Season 4, Episode 9: The Birds, The Astronaut, And The Space Race


Sorry, Mad Blogsters. Ms. Dorothy was caught temporarily without an office in which to ruminate. Now she can't tell if she's angry or lovesick, soup or the pot, a sadist or a masochist.  

I like the fact that "Mad Men" is increasingly about the shifting identities of women. But at first, "The Beautiful Girls" seemed kind of choppy, and less graceful and dazzling, than previous installments. Then I took a look at Bert Cooper's role in this particular show, and the genius become more apparent. All of the episodes can't be about fluidity and rebirth: this one is about being tied-down and stuck. And being stuck feels bad. And then you die.

At one point while Ida Blankenship was still among the living, Bert asked for her help with his crossword puzzle: three letters meaning "flightless bird." "Emu," she responds. "It starts with an L," he says. "The hell it does," she tells him.



Whether as part of door-slamming farce or weird, slowed-down melodrama, many of the females in this episode were exposed as flightless birds. (And we also get Petula Clark, the ultimate "bird" of the then-London pop scene, singing "Downtown.")

It's the summer of 1965, but for Joan, it's more like the summer of '42: she's acting like a woundedJoan-And-Roger war widow, in need of comfort from any quarter. And indeed, having uptown street sex with Roger in a moment after the mugging was pretty shocking. I did like the imagery of the old-fashioned deli: send a salami to your boy in the Ahmy and all that. (Meat hanging on hooks: talk about forceful foreshadowing of a sexual hook-up!) Even then, though, that style deli was mostly on the Lower East Side. Joan and Roger were more in the (dying) Upper West Side neighborhood of the Viennese tea and pastry shops.

And while the city was indeed crime-ridden and getting worse in that pre-Lindsay era, something about being mugged by a black man (in a story all about the emergence of the civil rights movement) seemed suspect. At this point, is Roger low enough to have actually set up the mugging as an aftermath to the massage? It has its bit of heavy-handed symbolism in requiring Joan to give up her wedding ring. And by dint of her devotion to her husband (Dr. Not-So Rapey seems to have become a new man), having sex with Roger again seems to strip her of her born-again virginity.

Equally a source of head-scratching for me was this whole supposed amour between Bert Cooper and Ms. Blankenship. The reason the character was so delightful and humorous is that she had a heavy Brooklyn accent and, in a place dedicated to high-falutin images, was the salt of the earth, often asking Don whether he was going to the toilet. (Whether that makes her Jewish or not remains unsaid.) But I would imagine the WASPy Cooper, like Sterling, is vaguely anti-Semitic, and probably was even more so in his youth. So when young, was our Ida B such a sexual "queen of perversions" that being a hot Jewess trumped classism and anti-Semitism?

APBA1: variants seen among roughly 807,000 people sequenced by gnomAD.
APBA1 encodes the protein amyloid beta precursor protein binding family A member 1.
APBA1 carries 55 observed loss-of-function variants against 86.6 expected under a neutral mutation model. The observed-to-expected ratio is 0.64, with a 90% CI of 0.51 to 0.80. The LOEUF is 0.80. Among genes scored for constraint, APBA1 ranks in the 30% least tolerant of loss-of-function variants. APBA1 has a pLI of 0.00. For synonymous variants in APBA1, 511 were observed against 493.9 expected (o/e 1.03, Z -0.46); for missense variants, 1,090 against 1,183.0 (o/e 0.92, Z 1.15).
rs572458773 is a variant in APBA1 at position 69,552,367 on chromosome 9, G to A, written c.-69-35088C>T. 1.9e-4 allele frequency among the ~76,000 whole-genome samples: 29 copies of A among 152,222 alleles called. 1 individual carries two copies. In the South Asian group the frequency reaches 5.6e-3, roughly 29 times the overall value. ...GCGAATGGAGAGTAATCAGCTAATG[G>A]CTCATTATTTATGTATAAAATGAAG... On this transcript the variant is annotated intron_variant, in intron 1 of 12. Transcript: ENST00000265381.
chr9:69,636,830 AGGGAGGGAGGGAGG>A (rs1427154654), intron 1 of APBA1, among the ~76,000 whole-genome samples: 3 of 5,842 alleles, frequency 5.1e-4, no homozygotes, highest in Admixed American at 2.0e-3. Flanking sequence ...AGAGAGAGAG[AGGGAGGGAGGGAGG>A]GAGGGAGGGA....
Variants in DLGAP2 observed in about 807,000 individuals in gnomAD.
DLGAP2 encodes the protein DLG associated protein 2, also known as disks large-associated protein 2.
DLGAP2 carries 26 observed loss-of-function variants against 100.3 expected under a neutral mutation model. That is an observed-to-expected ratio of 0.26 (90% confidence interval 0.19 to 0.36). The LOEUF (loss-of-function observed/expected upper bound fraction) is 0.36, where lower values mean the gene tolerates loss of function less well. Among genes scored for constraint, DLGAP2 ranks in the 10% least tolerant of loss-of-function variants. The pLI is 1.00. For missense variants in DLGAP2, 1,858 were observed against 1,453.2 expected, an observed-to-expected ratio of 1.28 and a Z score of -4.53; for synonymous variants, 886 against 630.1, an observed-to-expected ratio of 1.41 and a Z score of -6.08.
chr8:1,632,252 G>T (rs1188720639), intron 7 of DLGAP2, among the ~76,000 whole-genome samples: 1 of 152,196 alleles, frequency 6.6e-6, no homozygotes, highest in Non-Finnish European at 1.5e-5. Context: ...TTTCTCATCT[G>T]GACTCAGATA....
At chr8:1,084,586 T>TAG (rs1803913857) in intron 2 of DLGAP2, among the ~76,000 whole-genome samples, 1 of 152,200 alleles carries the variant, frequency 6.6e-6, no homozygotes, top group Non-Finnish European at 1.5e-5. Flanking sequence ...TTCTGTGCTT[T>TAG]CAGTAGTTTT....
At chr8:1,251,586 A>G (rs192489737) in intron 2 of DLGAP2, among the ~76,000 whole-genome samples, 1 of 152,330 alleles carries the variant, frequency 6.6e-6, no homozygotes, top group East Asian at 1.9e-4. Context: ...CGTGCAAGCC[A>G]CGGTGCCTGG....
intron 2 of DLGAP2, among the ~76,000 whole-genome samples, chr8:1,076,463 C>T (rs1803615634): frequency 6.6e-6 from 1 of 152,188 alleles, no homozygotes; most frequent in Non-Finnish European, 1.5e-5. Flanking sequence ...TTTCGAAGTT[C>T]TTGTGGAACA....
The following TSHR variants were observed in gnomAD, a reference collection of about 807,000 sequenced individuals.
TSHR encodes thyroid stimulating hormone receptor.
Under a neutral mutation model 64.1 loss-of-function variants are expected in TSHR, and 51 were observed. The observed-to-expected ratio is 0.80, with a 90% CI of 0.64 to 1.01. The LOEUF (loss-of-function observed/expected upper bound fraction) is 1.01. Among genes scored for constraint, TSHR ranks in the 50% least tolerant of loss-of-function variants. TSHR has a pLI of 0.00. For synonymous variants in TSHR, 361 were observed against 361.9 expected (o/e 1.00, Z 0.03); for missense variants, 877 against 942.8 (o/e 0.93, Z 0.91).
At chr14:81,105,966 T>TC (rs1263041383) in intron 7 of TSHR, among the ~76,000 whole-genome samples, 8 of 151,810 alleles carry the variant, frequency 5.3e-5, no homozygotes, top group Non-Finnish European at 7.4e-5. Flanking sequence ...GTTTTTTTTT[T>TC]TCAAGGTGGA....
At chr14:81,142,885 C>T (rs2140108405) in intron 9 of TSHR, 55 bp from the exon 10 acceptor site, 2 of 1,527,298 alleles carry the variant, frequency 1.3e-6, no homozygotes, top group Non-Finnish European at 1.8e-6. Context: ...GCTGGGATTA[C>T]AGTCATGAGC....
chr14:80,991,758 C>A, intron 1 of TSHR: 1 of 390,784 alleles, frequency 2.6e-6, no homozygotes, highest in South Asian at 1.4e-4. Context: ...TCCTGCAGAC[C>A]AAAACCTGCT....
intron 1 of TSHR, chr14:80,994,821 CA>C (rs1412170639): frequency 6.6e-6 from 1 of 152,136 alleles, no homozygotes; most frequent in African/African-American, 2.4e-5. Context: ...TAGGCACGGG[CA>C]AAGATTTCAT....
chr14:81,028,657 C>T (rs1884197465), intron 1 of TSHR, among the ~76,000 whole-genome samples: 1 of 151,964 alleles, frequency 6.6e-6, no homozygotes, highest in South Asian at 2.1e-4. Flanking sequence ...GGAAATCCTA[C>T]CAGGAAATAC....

SallyIn death, she got wings. "Born in 1898 in a barn, she died on the 37th floor of a skyscraper. She's an astronaut," says Cooper, in a weirdly haunting, if wonderfully imaginative, line. (Is there a Jesus reference? Did people get born in barns in Brooklyn then? Were her parents stowaways or farmers? They surely weren't Norwegian farmers. But is saucy Ida B. still circling the building? Her name always seemed like a cross between Miss Havisham and a space ship.)

And the saddest bit of linkage, in terms of flightless birds, are the connections in this episode between the oldest chick, Miss Blankenship, and the youngest, Sally Draper. She arrives like some hobo from Don's youth, riding the rails, avoiding the conductor because she didn't have enough money. And in the end, after her desperate plea to stay fell on deaf ears, Don screams, "Am I going to have to carry you out?" Shades of Ida dying with her head on her blotter (last week one of the guys had cracked about Joan's "boobs on the blotter") and being rolled out, covered Cleopatra-like, in an afghan.

"We need a man and a blanket" was another great line from Joan.

And here's another theme from the show: getting covered up, and clueless men removed from nature. That's the male demographic that the auto parts guys need to go after. And these days, Abe, Peggy's would-be lover, would be trying to use his talents by getting a job on "The Daily Show." Then, though, he'd probably go on to become a member of the SDS and blow something up for social change, while expecting the chicks to provide coffee and sex. That's the way it was.